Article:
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AFTER JUDGMENT


 

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Title:

After Judgment (To Ophelia L.)

   
Type of Media: Periodical.  
Name: Vanity Fair (UK).  
Issue:    
Date: 1909.  
Publisher:    
Published At: London.  
Pages:

 

 
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The Winged Beetle, Turnbull & Spears, London, 1910.  
 

Comments by
Aleister
Crowley:

     I went back to Paris on July 8th. I worked on Clouds Without Water, Sir Palamedes, The World's Tragedy and "Mr. Todd". In particular, I wrote the autobiographical preface to The World's Tragedy, some ten thousand words, at a stretch; and certain lyrics, mostly about Dorothy, of whom more in a moment. "Mr. Todd", as the name implies, is a personification of death an the idea of the play is to introduce him as deus ex machina, helping the characters one by one out of their various troubles. The idea sounds a good one, but apart from availing myself of my opportunities for double entendre ("I was told the other day that he held a lot of land in London and has more tenants than the Duke of Westminister!"), I could not make much of it. The repetition of the idea was bound to be rather ridiculous. It is my one failure in this period.

     The truth doubtless is that I had used up the energy accumulated in my wanderings, and written myself out: i.e., as far as anything big was concerned. I was in excellent form with lyrics and wrote several as good as anything I had ever done. In particular "After Judgment", to the honour and glory of Dorothy, will stand in English literature as one of the most passionate poems in the language.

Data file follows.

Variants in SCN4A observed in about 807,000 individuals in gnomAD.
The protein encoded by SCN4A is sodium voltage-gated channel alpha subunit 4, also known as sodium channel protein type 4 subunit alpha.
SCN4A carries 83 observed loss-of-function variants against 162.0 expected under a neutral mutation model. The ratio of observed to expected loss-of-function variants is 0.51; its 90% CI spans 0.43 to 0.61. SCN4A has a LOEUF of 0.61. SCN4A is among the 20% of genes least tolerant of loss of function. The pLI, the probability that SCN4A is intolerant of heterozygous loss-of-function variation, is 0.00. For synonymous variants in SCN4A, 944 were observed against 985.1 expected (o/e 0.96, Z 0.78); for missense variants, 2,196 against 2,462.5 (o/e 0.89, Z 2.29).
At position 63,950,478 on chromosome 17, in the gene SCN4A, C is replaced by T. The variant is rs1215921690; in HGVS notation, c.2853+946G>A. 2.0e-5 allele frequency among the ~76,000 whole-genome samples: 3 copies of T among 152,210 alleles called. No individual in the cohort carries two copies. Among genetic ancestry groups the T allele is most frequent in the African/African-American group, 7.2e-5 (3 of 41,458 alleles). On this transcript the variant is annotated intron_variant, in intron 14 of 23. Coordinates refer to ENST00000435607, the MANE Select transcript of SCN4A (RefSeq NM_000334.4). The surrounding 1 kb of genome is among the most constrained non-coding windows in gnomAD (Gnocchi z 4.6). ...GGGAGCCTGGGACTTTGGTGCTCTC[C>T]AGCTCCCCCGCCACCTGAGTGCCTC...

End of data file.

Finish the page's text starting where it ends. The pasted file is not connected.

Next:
The Confessions of Aleister Crowley.  New York, NY.  Hill and Wang, 1969.  Pages 573-574.

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     Besides this, I was writing a good deal of poetry. Some of my most important work belongs to this period. "The Wizard Way", "the Garden of Janus", "After Judgment" and "Bathyllus" are especially notable. I was seeing a good deal of Frank Harris, who was publishing much of my best work in Vanity Fair. It was the first encouragement I had ever had, and in a way it came too late, since I was already entirely disillusioned with regard to fame. The approval of Frank Harris was another matter; it was something, and something very great, to know that my work gained me the respect of the very few men on the planet who knew the difference between Keats and Lewis Morris. I had been recognized as a poet of the first class by my peers and the applause of the mob would leave me as cold as its neglect or hostility does at present.

      The Confessions of Aleister Crowley.  New York, NY.  Hill and Wang, 1969.  Page 594.

 
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